Having both human and Digital Workers working together, while seamlessly interacting with existing and new applications, creates a powerful, intelligent, collaborative, digital ecosystem – and this is the essence of connected RPA. This is also set to provide the foundation for ongoing digital transformation – and leading industry academics expect connected RPA to emerge as the execution platform of choice, for swiftly utilising best-of-breed artificial intelligence (AI) and cognitive technologies across the enterprise.
Connected-RPA in practice
Here are 10 examples of what can be achieved with connected RPA:
- Anti-money laundering prevention in conjunction with blockchain technologies and business process management tools.
- Collaborating with artificial intelligence and machine learning tools for multi-lingual, automated email processing for inbound customer inquiries and email triage.
- Automated case handling and resolution for insurance claims.
- Automating the extraction of unstructured data.
- Using AI tools to gauge sentiment analysis, intensity and mood for customer support – and then automatically elevating requests to a customer representative.
- Working in conjunction with process mining tools to automatically extract historical records/data research and business intelligence analytics.
- Dynamically and automatically verify legal compliance on complex contracts.
- Collaborating with OCR and computer vision technologies to automatically verify identity for loan processing, or transform secured faxes into searchable, text-embedded formats.
- Automatic, real-time translation in virtual meetings.
- Automatically connecting chatbots and humans for financial transactions, human resources, or customer service requests.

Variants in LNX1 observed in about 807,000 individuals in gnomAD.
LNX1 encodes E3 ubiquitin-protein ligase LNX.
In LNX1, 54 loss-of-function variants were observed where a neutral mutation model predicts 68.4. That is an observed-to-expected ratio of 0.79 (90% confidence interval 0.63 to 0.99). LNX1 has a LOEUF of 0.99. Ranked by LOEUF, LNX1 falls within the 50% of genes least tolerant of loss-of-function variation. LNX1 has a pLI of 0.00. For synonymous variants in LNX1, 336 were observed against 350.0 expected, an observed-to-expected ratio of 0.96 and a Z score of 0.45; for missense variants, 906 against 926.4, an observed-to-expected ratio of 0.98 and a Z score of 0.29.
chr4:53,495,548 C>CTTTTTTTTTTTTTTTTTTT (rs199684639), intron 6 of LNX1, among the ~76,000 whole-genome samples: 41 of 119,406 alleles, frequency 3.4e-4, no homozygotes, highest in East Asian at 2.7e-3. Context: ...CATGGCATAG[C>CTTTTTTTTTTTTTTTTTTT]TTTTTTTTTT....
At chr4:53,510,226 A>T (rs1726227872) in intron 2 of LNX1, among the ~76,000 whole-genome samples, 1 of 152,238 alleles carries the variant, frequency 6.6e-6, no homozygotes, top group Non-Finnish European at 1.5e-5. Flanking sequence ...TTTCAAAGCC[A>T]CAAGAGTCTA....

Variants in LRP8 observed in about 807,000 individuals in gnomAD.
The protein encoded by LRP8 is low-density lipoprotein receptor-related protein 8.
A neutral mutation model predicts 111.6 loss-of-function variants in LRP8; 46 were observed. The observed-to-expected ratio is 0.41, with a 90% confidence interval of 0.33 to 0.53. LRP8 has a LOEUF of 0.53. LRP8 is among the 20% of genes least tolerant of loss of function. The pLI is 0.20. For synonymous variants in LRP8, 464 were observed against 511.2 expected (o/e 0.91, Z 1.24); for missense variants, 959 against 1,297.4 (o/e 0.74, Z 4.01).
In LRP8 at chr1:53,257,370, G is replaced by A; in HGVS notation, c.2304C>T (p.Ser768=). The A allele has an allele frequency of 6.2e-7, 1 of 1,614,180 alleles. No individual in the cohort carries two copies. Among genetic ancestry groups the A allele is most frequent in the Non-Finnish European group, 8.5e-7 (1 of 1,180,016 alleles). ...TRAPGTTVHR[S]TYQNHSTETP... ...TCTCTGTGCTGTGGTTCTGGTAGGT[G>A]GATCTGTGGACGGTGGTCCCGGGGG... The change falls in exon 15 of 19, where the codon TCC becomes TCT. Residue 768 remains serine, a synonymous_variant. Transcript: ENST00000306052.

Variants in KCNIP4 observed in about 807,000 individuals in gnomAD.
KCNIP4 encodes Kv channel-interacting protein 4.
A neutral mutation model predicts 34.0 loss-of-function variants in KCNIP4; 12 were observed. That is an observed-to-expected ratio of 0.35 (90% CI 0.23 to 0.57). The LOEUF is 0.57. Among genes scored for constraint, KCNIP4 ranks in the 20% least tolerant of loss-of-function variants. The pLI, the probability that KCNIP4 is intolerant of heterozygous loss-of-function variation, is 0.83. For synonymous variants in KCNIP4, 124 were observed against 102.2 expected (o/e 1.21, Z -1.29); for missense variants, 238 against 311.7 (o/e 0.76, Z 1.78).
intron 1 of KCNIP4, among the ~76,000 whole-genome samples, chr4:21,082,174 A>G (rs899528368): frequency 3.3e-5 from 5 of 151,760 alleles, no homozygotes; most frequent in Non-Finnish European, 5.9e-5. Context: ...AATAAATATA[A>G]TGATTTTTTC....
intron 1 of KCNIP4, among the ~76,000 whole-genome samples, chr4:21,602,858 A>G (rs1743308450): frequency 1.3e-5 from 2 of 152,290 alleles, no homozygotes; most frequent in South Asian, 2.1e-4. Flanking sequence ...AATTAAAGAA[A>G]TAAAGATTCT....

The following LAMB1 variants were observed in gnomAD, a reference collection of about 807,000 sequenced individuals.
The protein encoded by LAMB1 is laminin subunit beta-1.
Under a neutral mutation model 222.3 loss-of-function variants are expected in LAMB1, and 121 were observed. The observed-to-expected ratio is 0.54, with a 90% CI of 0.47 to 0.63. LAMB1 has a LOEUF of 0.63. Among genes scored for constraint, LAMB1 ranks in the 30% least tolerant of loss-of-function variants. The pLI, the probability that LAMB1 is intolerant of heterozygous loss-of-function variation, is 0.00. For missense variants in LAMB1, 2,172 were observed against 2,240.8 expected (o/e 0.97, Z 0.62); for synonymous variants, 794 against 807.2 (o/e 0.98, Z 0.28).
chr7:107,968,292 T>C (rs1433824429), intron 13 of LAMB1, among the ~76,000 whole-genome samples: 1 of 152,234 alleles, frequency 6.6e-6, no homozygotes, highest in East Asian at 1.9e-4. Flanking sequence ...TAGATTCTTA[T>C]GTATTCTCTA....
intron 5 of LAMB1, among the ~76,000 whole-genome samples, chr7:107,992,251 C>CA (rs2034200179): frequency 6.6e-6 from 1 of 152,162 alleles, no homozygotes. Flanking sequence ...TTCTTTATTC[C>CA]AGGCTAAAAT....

Making connected-RPA an ongoing success
Although connected RPA is business-led - so business users can keep pace with market demands, it must still operate in an IT-endorsed and controlled environment too. For connected RPA to maintain long term success, it must successfully operate and scale in large, enterprise-wide, environments - where security, resilience and governance are equally, if not more important, than speed, automation and simplicity.
To ensure that they’re trusted to operate within these demanding enterprise environments, Digital Workers are designed to be scalable, robust, secure, controllable and intelligent. Business users train Digital Workers without coding – so the system infrastructure remains intact and development isn’t needed. If code is used to build automations outside the technology department, unwelcome “grey IT” is introduced – along with unaudited process models that represent threats such as “back doors”, security flaws and audit failures.
For connected RPA to deliver longer-term value at scale, automations should also be carefully planned, modelled and designed, so all automated processes achieve design standards, are completely transparent and centrally pooled to offer the potential for re-use. This collaborative facet is also an important part of connected RPA, as it introduces the widest pool of non-technical, business users who contribute their automations so they can be managed and reused by the whole business – thus optimising productivity gains.
Connected-RPA will provide the platform to involve a wider range of collaborators within an ecosystem, including developers and academics, so a growing community and ‘brains trust’ can share and test best practices. This community will increasingly generate ever easier access to emerging tech - via connected RPA’ s integration capabilities – enabling those participating to create new offerings faster and ensure that their organisations stay competitive.
Colin Redbond, head of technology strategy and architecture, Blue Prism